Caribbees


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Caribbees

(ˈkærɪˌbiːz)
pl n
(Placename) the Caribbees a former name for the Lesser Antilles
References in classic literature ?
that the continent which I thought I saw from the island I lived in was really no continent, but a long island, or rather a ridge of islands, reaching from one to the other side of the extended mouth of that great river; and that the savages who came to my island were not properly those which we call Caribbees, but islanders, and other barbarians of the same kind, who inhabited nearer to our side than the rest.
I was positively against that; and looking over the charts of the sea-coast of America with him, we concluded there was no inhabited country for us to have recourse to till we came within the circle of the Caribbee Islands, and therefore resolved to stand away for Barbadoes; which, by keeping off at sea, to avoid the indraft of the Bay or Gulf of Mexico, we might easily perform, as we hoped, in about fifteen days' sail; whereas we could not possibly make our voyage to the coast of Africa without some assistance both to our ship and to ourselves.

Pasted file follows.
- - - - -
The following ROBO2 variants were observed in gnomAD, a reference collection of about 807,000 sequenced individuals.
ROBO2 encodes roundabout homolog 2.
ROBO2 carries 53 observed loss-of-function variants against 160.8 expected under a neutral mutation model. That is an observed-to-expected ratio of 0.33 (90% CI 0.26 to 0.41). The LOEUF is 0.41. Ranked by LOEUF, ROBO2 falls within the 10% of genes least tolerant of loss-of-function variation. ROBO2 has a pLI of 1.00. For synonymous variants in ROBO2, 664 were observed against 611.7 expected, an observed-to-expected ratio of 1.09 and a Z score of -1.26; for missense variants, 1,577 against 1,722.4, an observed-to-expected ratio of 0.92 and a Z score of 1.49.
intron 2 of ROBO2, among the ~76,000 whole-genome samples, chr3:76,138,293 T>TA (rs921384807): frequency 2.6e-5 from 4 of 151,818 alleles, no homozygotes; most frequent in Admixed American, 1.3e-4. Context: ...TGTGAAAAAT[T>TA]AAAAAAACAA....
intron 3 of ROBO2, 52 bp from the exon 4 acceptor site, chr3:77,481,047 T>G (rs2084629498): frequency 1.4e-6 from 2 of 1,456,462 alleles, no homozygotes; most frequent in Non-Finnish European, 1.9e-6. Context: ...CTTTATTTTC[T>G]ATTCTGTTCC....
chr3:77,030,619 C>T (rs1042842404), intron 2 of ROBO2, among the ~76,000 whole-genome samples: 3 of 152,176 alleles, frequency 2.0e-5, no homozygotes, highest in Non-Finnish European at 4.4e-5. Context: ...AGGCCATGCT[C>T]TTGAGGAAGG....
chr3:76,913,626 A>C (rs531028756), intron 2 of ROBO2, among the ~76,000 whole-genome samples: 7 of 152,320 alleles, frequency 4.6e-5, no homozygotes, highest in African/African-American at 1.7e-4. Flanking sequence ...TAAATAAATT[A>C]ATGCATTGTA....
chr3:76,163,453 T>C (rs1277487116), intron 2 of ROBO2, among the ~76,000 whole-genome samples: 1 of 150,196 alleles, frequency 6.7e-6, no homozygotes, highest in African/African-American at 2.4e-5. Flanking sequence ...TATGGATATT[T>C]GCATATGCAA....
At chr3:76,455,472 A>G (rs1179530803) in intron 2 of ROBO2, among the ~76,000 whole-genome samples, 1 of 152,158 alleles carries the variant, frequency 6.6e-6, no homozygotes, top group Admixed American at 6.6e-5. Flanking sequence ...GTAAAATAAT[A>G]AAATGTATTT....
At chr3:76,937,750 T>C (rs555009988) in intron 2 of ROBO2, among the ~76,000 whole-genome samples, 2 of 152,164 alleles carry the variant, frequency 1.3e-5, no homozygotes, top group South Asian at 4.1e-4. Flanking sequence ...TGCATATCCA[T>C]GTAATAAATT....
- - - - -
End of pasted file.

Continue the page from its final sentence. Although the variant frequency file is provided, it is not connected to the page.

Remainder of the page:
18) Although Aguirre's brutality and violent religious zeal were directed primarily at Europeans, Humboldt's narrative suggests a relation between the violence associated with this conquistador and the great incursions by the "cannibal horde [horde anthrophage]" of the Caribbees against Valencia in 1578 and 1580 (4:193/2:97).
The Moon of the Caribbees, O'Neill's personal favorite among his one-acts, is a virtually plotless mood piece, and the stark, nearly empty setting at St.
Indeed, in one of O'Neill's earlier plays, The Moon of the Caribbees (1918), queer quite directly refers to alcoholic intoxication.
O'Neill had already written The Moon of the Caribbees (1918), which, from the very opening moment, associated blacks with the great southern sea.

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